Bridget L. Coggins

in International Relations

ISBN: 9780199743292
Published online March 2011 | | DOI:

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States are the principal and most fundamental actors in world politics. Although supranational organizations and nonstate actors are growing in importance as a result of globalization, states have been the dominant form of political organization for the last two centuries. Because of the state’s centrality to modern political life, statehood is well studied, much sought after, and hotly contested. Political philosophers disagree about the rationale for the state and the nature of the international system. Political scientists debate the extent to which sovereignty influences political behavior and examine the dynamics of the beginning and end of statehood. In international law, the declaratory and constitutive nature of the state is debated both in theory and in practice. The major divide centers on the extent to which statehood depends on the intrinsic character of the actor or on its external legitimacy in the eyes of other states. Critical cases of claims to sovereignty show that, as a legal matter, statehood is not straightforward. Also, empirically statehood is not homogenous but varied; some present-day members of the international community scarcely resemble one another or, for that matter, the formal legal standards of statehood. Finally, faced with challenges to their sovereign statehood, governments have attempted a number of nonstate alternatives to accommodate diverse populations and other governance challenges.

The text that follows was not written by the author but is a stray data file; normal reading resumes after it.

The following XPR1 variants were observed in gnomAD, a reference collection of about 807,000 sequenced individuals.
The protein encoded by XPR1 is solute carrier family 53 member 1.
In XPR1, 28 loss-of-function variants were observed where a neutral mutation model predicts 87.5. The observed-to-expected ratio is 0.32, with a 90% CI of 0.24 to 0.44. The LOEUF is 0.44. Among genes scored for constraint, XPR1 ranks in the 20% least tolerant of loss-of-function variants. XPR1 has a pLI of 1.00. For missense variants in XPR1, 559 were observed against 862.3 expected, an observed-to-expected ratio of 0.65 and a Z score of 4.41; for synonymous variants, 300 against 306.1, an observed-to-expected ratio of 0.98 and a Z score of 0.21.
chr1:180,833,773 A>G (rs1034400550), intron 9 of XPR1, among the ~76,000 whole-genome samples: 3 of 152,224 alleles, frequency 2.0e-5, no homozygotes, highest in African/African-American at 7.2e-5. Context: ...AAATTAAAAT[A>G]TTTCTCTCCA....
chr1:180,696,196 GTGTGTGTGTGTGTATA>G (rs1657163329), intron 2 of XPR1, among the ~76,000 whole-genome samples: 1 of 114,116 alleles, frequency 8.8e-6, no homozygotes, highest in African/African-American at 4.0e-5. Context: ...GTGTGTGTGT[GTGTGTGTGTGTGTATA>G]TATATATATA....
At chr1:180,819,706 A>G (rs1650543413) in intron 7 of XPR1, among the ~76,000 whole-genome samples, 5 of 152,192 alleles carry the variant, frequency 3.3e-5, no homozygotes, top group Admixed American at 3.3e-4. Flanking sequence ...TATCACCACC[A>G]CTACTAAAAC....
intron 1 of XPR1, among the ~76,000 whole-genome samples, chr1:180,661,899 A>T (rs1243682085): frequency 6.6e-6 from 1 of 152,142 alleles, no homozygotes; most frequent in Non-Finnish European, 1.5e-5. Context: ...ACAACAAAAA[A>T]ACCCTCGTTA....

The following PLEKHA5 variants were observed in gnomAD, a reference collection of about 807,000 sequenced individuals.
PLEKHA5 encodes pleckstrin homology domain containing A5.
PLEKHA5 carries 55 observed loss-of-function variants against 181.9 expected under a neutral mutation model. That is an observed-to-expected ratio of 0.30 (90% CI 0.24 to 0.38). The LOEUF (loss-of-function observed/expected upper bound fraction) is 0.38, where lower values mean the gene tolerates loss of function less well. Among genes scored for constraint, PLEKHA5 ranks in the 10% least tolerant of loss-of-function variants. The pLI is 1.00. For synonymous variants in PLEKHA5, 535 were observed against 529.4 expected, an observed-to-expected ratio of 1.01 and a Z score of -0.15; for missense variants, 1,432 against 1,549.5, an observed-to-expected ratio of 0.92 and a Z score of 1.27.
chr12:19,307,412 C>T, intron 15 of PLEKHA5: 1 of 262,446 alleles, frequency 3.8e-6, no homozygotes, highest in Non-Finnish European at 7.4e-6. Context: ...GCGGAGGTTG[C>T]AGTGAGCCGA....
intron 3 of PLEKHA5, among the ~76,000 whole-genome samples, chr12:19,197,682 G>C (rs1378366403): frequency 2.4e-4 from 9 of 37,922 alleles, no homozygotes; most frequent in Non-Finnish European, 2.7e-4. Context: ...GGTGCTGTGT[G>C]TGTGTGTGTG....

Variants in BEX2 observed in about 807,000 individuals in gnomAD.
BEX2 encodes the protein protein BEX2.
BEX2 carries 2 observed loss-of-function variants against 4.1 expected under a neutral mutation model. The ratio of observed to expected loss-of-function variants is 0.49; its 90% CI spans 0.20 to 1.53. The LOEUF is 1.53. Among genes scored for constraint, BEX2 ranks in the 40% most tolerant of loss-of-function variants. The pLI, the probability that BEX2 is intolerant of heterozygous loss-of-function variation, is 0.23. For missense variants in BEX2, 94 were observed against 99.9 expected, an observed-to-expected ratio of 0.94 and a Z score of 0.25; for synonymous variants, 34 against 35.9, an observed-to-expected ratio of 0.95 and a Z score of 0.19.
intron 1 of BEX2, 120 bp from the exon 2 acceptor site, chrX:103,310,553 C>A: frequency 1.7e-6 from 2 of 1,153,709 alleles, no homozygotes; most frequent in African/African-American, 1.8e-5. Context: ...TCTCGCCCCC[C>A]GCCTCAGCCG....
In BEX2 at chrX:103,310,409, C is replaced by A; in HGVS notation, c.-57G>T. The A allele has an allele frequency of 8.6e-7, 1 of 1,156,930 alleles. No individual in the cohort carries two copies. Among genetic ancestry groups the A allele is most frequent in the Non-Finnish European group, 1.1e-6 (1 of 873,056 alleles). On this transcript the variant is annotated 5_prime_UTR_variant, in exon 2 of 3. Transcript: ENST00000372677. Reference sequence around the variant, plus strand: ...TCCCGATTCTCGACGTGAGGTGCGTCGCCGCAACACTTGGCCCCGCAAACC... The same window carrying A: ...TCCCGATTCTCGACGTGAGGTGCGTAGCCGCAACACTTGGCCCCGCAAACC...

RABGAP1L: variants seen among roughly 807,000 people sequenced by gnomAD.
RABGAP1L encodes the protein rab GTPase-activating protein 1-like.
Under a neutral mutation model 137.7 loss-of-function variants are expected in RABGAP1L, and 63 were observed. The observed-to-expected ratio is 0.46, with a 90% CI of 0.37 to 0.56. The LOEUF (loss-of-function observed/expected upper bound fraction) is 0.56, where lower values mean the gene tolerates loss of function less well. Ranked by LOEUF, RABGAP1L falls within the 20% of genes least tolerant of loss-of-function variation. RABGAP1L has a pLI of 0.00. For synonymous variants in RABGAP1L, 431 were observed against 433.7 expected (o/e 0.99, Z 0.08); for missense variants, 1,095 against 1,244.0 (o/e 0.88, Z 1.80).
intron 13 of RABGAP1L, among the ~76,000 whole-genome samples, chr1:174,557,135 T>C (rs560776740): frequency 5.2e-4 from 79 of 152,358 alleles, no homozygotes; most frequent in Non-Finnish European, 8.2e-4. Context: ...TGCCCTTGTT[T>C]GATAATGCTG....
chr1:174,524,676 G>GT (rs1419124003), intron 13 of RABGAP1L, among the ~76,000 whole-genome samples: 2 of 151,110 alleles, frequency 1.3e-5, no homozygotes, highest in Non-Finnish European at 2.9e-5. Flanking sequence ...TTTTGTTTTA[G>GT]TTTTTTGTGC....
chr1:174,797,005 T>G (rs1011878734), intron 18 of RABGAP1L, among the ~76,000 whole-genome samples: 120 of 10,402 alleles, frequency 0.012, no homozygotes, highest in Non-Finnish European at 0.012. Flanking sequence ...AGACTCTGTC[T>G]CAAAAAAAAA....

Article.  8610 words. 

Subjects: International Relations

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